Counter‑intuitively greater sea ice production can deliver relatively warmer subsurface water to the ocean abyss. When oceans freeze, the salt is ejected to form a dense brine with a temperature that always hovers at the freezing point. Typically this unmodified water is called shelf water. Dense shelf water readily sinks to the bottom of the polar seas. However in transit to the bottom, shelf water must pass through layers of variously modified Warm Deep Water or Antarctic Circumpolar Water. Turbulent mixing also entrains some of the warmer water down to the abyss. Warm Deep Water typically comprises 62% of the mixed water that finally reaches the bottom. Any altered dynamic (such as increasing sea ice production, or circulation effects that entrain a greater proportion of Warm Deep Water), can redistribute more heat to the abyss.14. Due to the Antarctic Oscillation the warmer waters carried by the Antarctic Circumpolar Current have been observed to undulate southward bringing those waters closer to ice forming regions. Shelf waters have generally cooled and there has been no detectable warming of the Warm Deep Water core, so this region’s deep ocean warming is likely just re-distributing heat and not adding to the ocean heat content.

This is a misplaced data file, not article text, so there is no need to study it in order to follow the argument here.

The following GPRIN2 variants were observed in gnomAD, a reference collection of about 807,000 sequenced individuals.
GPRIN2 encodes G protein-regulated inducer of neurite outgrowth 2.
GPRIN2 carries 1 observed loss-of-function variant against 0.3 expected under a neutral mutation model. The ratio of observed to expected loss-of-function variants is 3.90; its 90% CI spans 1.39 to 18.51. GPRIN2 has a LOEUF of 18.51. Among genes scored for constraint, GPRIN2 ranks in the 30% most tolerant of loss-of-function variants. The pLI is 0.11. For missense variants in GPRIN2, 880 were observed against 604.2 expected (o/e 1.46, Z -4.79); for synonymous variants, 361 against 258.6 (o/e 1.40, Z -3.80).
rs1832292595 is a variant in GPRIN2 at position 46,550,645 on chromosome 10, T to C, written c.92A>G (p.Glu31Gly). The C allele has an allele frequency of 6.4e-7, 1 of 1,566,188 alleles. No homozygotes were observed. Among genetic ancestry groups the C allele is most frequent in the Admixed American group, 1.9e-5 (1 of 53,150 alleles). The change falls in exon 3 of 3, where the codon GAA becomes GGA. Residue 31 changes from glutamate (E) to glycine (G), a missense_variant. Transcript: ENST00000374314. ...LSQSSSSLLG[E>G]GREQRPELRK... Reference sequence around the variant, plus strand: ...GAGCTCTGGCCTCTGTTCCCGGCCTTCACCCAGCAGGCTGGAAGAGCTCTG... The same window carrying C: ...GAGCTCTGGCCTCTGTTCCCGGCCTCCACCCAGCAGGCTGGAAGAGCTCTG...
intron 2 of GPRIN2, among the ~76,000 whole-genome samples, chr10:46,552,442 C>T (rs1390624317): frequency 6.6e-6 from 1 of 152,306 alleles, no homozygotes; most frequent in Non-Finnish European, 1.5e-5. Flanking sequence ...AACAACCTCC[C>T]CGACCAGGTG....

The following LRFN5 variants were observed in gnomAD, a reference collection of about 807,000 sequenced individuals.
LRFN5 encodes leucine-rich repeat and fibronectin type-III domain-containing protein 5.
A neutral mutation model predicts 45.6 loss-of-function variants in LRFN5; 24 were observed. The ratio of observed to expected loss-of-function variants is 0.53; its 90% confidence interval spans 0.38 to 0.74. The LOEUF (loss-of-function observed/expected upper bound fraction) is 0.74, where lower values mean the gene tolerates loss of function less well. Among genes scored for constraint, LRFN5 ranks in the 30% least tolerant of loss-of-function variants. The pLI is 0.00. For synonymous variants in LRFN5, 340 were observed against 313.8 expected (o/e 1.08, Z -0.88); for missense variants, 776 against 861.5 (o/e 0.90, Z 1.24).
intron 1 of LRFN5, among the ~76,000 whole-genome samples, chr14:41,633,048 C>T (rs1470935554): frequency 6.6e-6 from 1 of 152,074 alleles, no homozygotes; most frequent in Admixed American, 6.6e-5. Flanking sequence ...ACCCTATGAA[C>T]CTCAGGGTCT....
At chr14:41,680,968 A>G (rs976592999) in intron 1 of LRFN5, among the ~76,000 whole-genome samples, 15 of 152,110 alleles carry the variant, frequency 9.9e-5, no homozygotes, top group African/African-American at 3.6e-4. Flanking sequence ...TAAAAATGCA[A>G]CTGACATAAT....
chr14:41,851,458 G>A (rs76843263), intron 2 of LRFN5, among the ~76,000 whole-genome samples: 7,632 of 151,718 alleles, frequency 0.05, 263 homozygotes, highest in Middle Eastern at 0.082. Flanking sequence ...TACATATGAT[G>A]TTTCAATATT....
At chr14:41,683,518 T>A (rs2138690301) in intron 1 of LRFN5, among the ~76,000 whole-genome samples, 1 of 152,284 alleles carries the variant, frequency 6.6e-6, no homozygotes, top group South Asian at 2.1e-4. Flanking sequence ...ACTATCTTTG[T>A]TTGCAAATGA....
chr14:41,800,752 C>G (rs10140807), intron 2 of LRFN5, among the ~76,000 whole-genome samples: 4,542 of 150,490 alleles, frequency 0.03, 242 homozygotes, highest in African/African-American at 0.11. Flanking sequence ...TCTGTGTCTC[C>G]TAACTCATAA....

So it remains unclear if and how Trenberth’s “missing heat” has sunk to the deep ocean. The depiction of a dramatic rise in deep ocean heat is highly questionable, even though alarmists have flaunted it as proof of Co2’s power. As Dr. Wunsch had warned earlier, “Convenient assumptions should not be turned prematurely into ‘facts,’ nor uncertainties and ambiguities suppressed.” … “Anyone can write a model: the challenge is to demonstrate its accuracy and precision… Otherwise, the scientific debate is controlled by the most articulate, colorful, or adamant players.” 1

 

To reiterate, “the uncertainties remain too large to rationalize e.g., the apparent “pause” in warming.”

==================================

Literature Cited

 

1. C. Wunsch, 2007. The Past and Future Ocean Circulation from a Contemporary Perspective, in AGU Monograph, 173, A. Schmittner, J. Chiang and S. Hemming, Eds., 53-74

2. Wunsch, C. and P. Heimbach (2013) Dynamically and Kinematically Consistent Global Ocean Circulation and Ice State Estimates. In Ocean Circulation and Climate, Vol. 103. http://dx.doi.org/10.1016/B978-0-12-391851-2.00021-0

3. Wunsch, C., and P. Heimbach, (2014) Bidecadal Thermal Changes in the Abyssal Ocean, J. Phys. Oceanogr., http://dx.doi.org/10.1175/JPO-D-13-096.1

4. Xue,Y., et al., (2012) A Comparative Analysis of Upper-Ocean Heat Content Variability from an Ensemble of Operational Ocean Reanalyses. Journal of Climate, vol 25, 6905-6929.

5. Lyman, J. et al, (2010) Robust warming of the global upper ocean. Nature, vol. 465,334-

337.

6. Lyman, J. and G. Johnson (2014) Estimating Global Ocean Heat Content Changes in the Upper 1800m since 1950 and the Influence of Climatology Choice*. Journal of Climate, vol 27.